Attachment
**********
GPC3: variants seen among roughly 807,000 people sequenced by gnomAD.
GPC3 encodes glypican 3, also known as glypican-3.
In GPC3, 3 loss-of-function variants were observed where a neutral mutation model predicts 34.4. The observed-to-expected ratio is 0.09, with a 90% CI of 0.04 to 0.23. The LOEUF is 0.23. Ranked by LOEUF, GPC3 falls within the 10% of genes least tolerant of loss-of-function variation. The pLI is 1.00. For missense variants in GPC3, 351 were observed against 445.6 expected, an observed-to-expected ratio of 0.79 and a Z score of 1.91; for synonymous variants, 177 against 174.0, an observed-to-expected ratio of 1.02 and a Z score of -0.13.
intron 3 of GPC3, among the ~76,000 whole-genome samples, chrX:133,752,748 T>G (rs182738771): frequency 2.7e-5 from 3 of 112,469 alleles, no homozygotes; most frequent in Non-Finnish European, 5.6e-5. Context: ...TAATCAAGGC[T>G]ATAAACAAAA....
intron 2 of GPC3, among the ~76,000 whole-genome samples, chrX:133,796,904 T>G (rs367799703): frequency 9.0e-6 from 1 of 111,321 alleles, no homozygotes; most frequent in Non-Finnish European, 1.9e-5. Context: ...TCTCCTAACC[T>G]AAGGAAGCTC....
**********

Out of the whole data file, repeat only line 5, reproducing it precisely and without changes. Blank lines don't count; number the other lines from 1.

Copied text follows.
intron 2 of GPC3, among the ~76,000 whole-genome samples, chrX:133,796,904 T>G (rs367799703): frequency 9.0e-6 from 1 of 111,321 alleles, no homozygotes; most frequent in Non-Finnish European, 1.9e-5. Context: ...TCTCCTAACC[T>G]AAGGAAGCTC....